Leadership competencies for effective public administration
Public administrators need to empower their officials and team members, listen to their viewpoints and inspire them to achieve the goals set before them
Public administration plays a major role in governing modern-day society. The government without the support of able public administrators is like a vehicle without wheels. Public administration is significantly different from the management of private-sector organizations. While the public sector is authorized and controlled largely by law, its mandate is ultimately the collective public good, and it has a long-term horizon; the private sector uses the market as its source of creation and control, the customer as its focus, and has a short-term horizon. The duties of public administrators are multifaceted and often very complex. Public administrators around the world are under increasing pressures to perform and provide quality services with ever-fewer resources and face additional stress emanating from increasing global economic, social, political, and cultural integration.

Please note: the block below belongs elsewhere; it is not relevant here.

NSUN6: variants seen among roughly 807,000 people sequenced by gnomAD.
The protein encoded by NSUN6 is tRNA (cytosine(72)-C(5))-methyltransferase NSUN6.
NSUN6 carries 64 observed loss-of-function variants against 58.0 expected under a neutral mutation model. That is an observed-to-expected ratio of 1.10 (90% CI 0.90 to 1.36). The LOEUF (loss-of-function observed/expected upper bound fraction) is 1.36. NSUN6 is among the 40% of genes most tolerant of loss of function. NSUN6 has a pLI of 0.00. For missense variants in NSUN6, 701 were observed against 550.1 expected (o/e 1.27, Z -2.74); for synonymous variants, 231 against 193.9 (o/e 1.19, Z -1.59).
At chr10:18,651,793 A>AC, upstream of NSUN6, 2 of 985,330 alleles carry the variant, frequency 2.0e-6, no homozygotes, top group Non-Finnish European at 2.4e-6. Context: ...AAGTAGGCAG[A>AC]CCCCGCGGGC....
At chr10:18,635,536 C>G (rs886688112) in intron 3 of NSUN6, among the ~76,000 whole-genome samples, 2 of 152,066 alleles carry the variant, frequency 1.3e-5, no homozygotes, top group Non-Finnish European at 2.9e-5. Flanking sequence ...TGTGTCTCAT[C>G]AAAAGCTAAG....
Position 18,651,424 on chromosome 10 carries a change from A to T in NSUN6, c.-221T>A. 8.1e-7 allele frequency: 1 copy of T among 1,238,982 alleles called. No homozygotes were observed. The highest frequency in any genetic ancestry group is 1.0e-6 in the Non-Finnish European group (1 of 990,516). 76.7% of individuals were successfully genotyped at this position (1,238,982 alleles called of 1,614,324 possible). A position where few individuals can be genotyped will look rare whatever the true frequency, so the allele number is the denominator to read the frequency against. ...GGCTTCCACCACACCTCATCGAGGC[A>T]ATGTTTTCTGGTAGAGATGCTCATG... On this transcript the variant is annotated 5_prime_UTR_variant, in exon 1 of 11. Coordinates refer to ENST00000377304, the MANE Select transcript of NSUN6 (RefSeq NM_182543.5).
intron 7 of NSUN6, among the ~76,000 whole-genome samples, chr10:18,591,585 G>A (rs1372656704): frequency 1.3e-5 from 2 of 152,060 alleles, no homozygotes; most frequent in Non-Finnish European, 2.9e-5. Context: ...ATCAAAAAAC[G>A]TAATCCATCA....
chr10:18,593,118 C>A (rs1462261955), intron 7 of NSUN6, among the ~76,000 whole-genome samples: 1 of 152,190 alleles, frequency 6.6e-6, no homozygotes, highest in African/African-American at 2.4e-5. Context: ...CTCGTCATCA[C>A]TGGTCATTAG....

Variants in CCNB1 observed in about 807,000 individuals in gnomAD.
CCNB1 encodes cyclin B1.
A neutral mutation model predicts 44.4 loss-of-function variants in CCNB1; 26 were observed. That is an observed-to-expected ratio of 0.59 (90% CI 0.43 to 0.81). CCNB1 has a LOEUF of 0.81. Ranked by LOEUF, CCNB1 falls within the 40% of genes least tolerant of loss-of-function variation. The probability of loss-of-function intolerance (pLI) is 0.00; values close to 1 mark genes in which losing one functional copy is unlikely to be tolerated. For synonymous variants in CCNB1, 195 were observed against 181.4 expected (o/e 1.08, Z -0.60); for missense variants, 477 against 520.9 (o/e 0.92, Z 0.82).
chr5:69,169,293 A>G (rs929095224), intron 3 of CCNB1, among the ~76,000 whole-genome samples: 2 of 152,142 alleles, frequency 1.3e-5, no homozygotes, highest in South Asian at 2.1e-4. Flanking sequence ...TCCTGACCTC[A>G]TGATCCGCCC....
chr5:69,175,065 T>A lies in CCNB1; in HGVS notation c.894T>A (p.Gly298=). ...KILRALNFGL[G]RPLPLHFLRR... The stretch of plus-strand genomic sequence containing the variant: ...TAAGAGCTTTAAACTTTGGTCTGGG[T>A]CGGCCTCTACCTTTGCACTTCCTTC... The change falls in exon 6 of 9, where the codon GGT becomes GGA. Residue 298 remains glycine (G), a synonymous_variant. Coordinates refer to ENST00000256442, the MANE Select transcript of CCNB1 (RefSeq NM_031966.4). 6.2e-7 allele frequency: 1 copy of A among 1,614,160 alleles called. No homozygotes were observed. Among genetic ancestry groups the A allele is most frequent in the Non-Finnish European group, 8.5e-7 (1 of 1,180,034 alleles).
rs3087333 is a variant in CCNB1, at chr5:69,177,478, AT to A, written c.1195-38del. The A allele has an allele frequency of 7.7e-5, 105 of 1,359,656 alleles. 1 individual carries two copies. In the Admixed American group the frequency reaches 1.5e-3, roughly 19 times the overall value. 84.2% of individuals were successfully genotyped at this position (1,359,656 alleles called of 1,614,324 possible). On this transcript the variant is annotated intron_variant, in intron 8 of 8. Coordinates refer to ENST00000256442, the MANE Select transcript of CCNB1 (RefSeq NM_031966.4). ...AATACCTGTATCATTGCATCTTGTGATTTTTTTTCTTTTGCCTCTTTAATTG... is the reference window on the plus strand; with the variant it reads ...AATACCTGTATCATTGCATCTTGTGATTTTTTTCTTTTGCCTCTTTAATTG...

Meeting the demands of public administration requires a unique combination of knowledge, skills, attitudes and behaviours, commonly referred to as competencies. Competency-based management is being adopted as an efficient tool by the public organizations in various countries today. The department of personnel and training (DoPT) of the government of India initiated the project titled ‘Strengthening HRM of Civil Service’ in the year 2011 in collaboration with the United Nations Development Programme (UNDP). (HRM is short for human resource management). A primary outcome of this initiative was the creation of a ‘Competency Dictionary’ (Government of India-UNDP 2013). The competency dictionary was developed in consultation with a large number of civil servants in the centre and state governments. These included secretaries to the government of India, cadre controlling authorities, chief secretaries of the states and winners of the prime minister’s civil service awards. The overarching purpose for developing a competency dictionary was to foster more effective, efficient, and transparent and accountable public administration at the national and state levels. Towards this end, the Civil Services Competency Dictionary identified 25 core competencies across the various roles and positions of civil service employees. The core competencies were further divided under four categories: ethos, ethics, equity, and efficiency.